Oh, for the love of everything holy, please not Loubardias! I recognize what you’re saying about how he’s qualified, but I will not have the sound up if he’s the guy – I just won’t.

        I’d rather listen to Kevin Quinn. He’s nothing special, but he seemed adequate (and not grating) calling women’s games during the Olympics.

  5. leafsfan1967 says:

    Steve,

    Thanks for an excellent post on Mr. Cole. I watched the CBC broadcast last night on the internet [because Joe Benihaha was ruining the game on Versus] and I thought Mr. Cole was in good voice.

    I can remember when the legendary Foster Hewitt was still going in his 70′s. He was well past his peak and yet was still THE voice of the Leafs on CKFH his own radio station. And he got to call the iconic Canada Russia series in 1972 on TV while Bob Cole did the radio broadcasts. Foster Hewitt finally was forced to retire when Harold Ballard sold Leafs radio rights to another station.

    His son Bill Hewitt took over TV from his father round about 1960. The CBC began using Bob Cole in the 1970′s on the radio and a bit on TV sometimes replacing Bill Hewitt which was very hard for me to take. When Bill Hewitt gave up the play by play role because of ill health in 1981 Bob Cole took over his job. Growing up on the Hewitts and Danny Gallivan, it took me a very long time to get used to Bob Cole but eventually I did and he is still a wonderful play by play man.

    As Jeremy notes, looking to the future the CBC does have a problem. Mark Lee is growing into a decent play by play guy but is a little ordinary. Dean Brown’s problem is that since he is the primary Ottawa play by play guy he is too identified with them. In retrospect the CBC made a big mistake when they let Cris Cuthbert go to TSN/CTV. CBC needs new blood on their broadcasts but good play by play guys don’t grow on trees.

    Bottom line for me on Bob Cole is I hope he knows when he needs to go himself and is allowed to bow out gracefully.

    • Josh says:

      So what do you think they should do, leafsfan? Hire someone else away from another network, or start grooming someone else?

      Maybe they could take someone from within the network, like Steve Armitage to use as a temporary solution. I know he’s not a hockey guy, but he has plenty of Olympic play-by-play experience and, like Cole has *such* a great voice. (Rod Smith did well for CTV/TSN doing speed skating in Vancouver, but nobody calls a race like Armitage.)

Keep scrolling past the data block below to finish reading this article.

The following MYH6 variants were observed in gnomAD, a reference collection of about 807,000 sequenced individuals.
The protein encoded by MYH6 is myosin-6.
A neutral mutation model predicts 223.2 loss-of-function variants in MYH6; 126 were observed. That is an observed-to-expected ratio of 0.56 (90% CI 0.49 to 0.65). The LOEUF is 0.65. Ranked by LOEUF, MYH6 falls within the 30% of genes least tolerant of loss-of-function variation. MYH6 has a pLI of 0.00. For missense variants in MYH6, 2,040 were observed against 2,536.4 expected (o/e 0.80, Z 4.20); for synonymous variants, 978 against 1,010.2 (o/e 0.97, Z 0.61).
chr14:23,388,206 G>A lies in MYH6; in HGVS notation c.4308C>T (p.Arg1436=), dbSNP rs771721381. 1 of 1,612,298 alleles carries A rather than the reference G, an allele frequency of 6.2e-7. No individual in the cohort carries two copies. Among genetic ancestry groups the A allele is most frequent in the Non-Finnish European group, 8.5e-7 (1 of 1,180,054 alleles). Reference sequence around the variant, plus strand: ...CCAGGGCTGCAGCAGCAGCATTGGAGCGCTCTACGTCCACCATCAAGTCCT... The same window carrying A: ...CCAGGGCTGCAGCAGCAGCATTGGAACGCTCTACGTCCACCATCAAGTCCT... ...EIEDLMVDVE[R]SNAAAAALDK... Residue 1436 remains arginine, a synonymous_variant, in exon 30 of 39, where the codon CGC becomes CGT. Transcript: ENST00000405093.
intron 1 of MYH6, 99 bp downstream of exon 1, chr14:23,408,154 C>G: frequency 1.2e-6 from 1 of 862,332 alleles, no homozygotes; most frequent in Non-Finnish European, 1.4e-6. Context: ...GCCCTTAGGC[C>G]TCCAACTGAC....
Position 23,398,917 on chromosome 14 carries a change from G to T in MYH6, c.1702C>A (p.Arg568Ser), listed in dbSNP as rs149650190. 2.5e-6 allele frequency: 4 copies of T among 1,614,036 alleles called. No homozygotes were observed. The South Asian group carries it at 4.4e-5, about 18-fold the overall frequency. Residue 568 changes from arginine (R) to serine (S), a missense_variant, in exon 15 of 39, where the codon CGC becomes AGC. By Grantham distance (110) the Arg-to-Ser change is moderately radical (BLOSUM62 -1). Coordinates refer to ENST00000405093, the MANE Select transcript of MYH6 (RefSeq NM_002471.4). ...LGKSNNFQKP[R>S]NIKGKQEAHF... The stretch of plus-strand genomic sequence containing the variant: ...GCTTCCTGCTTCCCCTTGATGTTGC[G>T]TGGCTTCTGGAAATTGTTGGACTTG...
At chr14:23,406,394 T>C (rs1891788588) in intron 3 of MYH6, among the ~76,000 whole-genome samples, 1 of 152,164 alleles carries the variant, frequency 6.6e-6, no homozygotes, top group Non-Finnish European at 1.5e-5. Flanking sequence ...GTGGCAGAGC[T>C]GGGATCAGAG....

6. leafsfan1967 says:

    kevin :Your telling me that Canada doesn’t have more than two decent play by play hockey announcers? This isn’t rocket science. I can name 20 guys in the US that could handle the job. Call Al Michaels if you have to…………….

    I agree there very good Canadian play by play guys… Joe Bowan in Toronto, John Shorthouse [I think that's his name] in Vancouver, Ken Daniels in Detroit [who did work on HNIC before moving to the States] but there isn’t a nationally recognized guy who isn’t linked to a specific team which is what the CBC needs.

  7. kevin says:

    This is my problem…IT’S HOCKEY FOR GODSAKES!!! And any decent announcer is going to be linked to some team. Honestly, with only six teams in Canada you would think there would be hundreds of good hockey announcers looking for work in Canada. Many of them came to the US to work. Why not hire them back….maybe Canadians have forgotten about them by now

  8. leafsfan1967 says:

    kevin :This is my problem…IT’S HOCKEY FOR GODSAKES!!! And any decent announcer is going to be linked to some team. Honestly, with only six teams in Canada you would think there would be hundreds of good hockey announcers looking for work in Canada. Many of them came to the US to work. Why not hire them back….maybe Canadians have forgotten about them by now

    Kevin what you are missing is that Hockey Night in Canada is still the gold standard in hockey broadcasting and it takes a certain kind of guy to handle these games well. It’s not JUST hockey it’s Hockey Night in Canada and not everyone is fitted for the big stage.

  9. leafsfan1967 says:

    Josh :So what do you think they should do, leafsfan? Hire someone else away from another network, or start grooming someone else?
    Maybe they could take someone from within the network, like Steve Armitage to use as a temporary solution. I know he’s not a hockey guy, but he has plenty of Olympic play-by-play experience and, like Cole has *such* a great voice. (Rod Smith did well for CTV/TSN doing speed skating in Vancouver, but nobody calls a race like Armitage.)

    Josh if I were them I’d look to see who are the best Canadian voices and try and go after them and get them signed on to the CBC. That might mean Ken Daniels, or others who are in various places. Grooming from within might work but I’m not sure who they would groom. Bottom line is they are going to need somemone to replace Bob Cole and probably sooner rather than later…